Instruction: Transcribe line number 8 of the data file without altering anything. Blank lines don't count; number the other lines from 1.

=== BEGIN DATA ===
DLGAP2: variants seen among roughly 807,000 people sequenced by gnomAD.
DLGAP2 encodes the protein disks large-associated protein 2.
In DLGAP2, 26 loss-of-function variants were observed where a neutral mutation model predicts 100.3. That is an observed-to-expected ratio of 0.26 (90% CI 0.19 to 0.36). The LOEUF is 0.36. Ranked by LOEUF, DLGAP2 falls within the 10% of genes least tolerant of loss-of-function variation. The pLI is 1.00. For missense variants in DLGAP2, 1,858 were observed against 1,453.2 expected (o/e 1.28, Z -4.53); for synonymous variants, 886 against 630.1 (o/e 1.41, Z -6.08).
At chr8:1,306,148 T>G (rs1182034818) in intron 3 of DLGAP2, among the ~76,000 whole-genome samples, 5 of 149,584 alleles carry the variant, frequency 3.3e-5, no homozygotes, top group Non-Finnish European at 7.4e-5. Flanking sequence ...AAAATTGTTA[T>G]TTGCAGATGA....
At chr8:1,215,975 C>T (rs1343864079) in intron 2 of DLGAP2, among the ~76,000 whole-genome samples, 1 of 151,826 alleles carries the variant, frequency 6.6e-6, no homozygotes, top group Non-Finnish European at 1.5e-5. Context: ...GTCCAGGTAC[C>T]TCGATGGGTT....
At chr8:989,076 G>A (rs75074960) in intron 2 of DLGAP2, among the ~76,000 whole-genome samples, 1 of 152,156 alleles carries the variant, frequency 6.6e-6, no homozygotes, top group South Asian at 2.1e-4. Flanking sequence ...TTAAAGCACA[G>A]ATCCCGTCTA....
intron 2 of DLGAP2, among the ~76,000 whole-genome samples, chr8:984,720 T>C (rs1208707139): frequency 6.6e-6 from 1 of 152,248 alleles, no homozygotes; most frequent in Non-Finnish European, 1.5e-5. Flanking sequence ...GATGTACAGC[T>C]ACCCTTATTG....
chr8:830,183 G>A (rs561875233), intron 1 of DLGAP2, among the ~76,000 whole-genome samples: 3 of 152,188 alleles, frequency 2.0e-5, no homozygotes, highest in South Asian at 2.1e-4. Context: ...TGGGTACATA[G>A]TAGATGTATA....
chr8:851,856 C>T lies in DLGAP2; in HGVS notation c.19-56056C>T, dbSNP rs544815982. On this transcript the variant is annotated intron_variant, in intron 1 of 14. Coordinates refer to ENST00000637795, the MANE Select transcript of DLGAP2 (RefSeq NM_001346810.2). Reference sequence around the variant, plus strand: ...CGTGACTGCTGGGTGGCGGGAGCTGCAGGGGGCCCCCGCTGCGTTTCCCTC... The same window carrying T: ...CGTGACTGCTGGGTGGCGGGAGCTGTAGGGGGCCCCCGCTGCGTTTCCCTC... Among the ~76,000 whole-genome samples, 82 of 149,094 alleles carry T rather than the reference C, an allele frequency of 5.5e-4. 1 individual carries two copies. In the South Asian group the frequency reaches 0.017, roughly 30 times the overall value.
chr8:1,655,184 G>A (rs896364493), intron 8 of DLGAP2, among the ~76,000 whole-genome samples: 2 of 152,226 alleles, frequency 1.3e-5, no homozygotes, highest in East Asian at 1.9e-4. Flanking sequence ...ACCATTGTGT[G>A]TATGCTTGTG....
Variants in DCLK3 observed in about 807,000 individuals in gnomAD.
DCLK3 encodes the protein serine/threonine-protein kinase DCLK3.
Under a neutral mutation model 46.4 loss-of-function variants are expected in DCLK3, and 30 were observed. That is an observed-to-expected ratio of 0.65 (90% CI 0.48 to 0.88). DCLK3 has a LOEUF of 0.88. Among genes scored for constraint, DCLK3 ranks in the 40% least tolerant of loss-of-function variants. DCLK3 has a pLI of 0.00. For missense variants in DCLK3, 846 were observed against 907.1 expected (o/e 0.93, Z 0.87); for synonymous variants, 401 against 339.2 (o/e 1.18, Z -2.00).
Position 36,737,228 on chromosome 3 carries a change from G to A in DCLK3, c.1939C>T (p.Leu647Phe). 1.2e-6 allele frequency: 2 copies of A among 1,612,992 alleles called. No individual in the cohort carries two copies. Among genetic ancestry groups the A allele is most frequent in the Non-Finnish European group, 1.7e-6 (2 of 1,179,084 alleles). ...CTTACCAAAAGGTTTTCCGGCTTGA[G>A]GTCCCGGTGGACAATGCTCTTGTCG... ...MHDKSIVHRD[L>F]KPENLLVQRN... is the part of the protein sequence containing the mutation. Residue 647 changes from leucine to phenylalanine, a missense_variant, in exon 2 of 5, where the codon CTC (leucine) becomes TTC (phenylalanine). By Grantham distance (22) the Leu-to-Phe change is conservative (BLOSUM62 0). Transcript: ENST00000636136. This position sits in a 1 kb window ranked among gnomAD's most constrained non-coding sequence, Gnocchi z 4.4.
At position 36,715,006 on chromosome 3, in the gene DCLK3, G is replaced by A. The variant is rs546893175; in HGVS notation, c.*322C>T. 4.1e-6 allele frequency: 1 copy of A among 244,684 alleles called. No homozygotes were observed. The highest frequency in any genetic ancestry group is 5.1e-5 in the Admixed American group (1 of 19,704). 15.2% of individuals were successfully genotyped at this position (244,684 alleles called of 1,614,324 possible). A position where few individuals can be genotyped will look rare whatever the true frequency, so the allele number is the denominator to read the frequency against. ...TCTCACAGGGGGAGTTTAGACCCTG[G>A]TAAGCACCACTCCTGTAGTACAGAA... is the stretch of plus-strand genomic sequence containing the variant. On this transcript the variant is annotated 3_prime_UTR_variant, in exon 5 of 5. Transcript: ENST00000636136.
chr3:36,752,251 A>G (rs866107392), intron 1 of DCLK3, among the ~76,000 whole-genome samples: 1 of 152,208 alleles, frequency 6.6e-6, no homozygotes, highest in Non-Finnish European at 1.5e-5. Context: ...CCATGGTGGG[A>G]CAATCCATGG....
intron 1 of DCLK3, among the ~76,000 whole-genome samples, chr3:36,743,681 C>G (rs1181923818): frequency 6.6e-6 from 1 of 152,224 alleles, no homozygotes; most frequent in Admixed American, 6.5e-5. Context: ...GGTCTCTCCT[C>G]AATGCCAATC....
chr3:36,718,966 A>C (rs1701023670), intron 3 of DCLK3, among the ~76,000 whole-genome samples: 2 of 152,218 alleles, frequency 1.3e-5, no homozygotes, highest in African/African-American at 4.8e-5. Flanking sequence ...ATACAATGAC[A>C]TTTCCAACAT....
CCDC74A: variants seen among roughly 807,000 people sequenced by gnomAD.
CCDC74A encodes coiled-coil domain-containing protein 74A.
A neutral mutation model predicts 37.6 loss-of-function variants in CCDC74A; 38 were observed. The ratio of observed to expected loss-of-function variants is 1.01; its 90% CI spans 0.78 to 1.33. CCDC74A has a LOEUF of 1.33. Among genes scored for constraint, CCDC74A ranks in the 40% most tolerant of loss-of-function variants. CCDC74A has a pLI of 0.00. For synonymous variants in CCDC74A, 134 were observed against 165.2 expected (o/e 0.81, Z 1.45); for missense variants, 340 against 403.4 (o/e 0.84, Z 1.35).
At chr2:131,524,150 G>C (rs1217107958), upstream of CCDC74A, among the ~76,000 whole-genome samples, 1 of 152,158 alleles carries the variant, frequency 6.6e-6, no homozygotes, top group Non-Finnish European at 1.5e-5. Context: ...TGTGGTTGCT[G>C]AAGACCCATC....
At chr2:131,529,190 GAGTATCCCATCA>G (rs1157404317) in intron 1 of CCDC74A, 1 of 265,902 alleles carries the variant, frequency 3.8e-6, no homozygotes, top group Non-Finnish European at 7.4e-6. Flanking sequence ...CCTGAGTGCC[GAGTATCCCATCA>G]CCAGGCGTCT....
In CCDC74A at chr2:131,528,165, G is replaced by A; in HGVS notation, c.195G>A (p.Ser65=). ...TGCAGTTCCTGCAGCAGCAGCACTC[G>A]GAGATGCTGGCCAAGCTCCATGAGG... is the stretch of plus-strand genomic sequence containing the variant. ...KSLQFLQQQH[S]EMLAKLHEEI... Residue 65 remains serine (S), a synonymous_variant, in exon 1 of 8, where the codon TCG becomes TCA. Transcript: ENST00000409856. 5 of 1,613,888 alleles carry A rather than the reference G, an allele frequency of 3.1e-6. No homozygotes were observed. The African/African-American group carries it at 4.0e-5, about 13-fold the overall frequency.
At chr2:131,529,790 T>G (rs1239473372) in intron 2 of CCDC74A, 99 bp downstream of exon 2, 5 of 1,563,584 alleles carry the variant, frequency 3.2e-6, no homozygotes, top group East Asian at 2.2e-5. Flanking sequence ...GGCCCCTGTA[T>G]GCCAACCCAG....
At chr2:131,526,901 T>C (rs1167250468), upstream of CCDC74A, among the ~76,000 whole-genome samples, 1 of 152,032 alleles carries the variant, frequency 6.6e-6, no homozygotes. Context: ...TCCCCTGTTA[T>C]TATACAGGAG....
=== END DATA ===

chr8:830,183 G>A (rs561875233), intron 1 of DLGAP2, among the ~76,000 whole-genome samples: 3 of 152,188 alleles, frequency 2.0e-5, no homozygotes, highest in South Asian at 2.1e-4. Context: ...TGGGTACATA[G>A]TAGATGTATA....